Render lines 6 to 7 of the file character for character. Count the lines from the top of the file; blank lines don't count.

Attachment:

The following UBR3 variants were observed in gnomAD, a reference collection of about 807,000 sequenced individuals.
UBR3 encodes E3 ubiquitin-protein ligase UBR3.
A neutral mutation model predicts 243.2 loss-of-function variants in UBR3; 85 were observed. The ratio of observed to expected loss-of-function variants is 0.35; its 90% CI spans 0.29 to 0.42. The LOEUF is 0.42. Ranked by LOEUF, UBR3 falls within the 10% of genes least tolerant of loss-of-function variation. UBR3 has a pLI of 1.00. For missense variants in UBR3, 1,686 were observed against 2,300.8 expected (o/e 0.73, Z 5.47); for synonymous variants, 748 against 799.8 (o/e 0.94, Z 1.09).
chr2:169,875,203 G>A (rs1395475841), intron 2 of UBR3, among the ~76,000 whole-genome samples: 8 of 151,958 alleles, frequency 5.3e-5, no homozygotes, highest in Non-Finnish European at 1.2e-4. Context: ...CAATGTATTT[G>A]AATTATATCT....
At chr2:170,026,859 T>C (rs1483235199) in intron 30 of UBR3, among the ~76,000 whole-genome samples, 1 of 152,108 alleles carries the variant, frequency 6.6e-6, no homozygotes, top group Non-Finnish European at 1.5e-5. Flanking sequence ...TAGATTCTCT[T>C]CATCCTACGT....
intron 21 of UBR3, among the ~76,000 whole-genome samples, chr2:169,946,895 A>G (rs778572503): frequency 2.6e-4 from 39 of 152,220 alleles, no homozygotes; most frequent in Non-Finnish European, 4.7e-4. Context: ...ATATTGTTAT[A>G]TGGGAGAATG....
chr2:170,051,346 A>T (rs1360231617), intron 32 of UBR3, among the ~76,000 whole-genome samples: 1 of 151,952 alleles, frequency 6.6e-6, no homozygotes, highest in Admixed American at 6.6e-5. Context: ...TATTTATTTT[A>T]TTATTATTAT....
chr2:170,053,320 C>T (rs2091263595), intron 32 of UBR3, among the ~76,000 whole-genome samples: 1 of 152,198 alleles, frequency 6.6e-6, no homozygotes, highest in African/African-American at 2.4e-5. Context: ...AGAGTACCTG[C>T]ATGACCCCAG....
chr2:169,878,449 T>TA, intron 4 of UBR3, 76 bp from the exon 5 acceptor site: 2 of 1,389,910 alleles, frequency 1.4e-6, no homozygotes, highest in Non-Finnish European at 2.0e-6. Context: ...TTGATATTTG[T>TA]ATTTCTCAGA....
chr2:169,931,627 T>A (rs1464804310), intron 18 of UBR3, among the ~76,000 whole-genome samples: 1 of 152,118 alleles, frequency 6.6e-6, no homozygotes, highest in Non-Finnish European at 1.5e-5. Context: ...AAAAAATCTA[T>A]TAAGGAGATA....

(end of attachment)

intron 21 of UBR3, among the ~76,000 whole-genome samples, chr2:169,946,895 A>G (rs778572503): frequency 2.6e-4 from 39 of 152,220 alleles, no homozygotes; most frequent in Non-Finnish European, 4.7e-4. Context: ...ATATTGTTAT[A>G]TGGGAGAATG....
chr2:170,051,346 A>T (rs1360231617), intron 32 of UBR3, among the ~76,000 whole-genome samples: 1 of 151,952 alleles, frequency 6.6e-6, no homozygotes, highest in Admixed American at 6.6e-5. Context: ...TATTTATTTT[A>T]TTATTATTAT....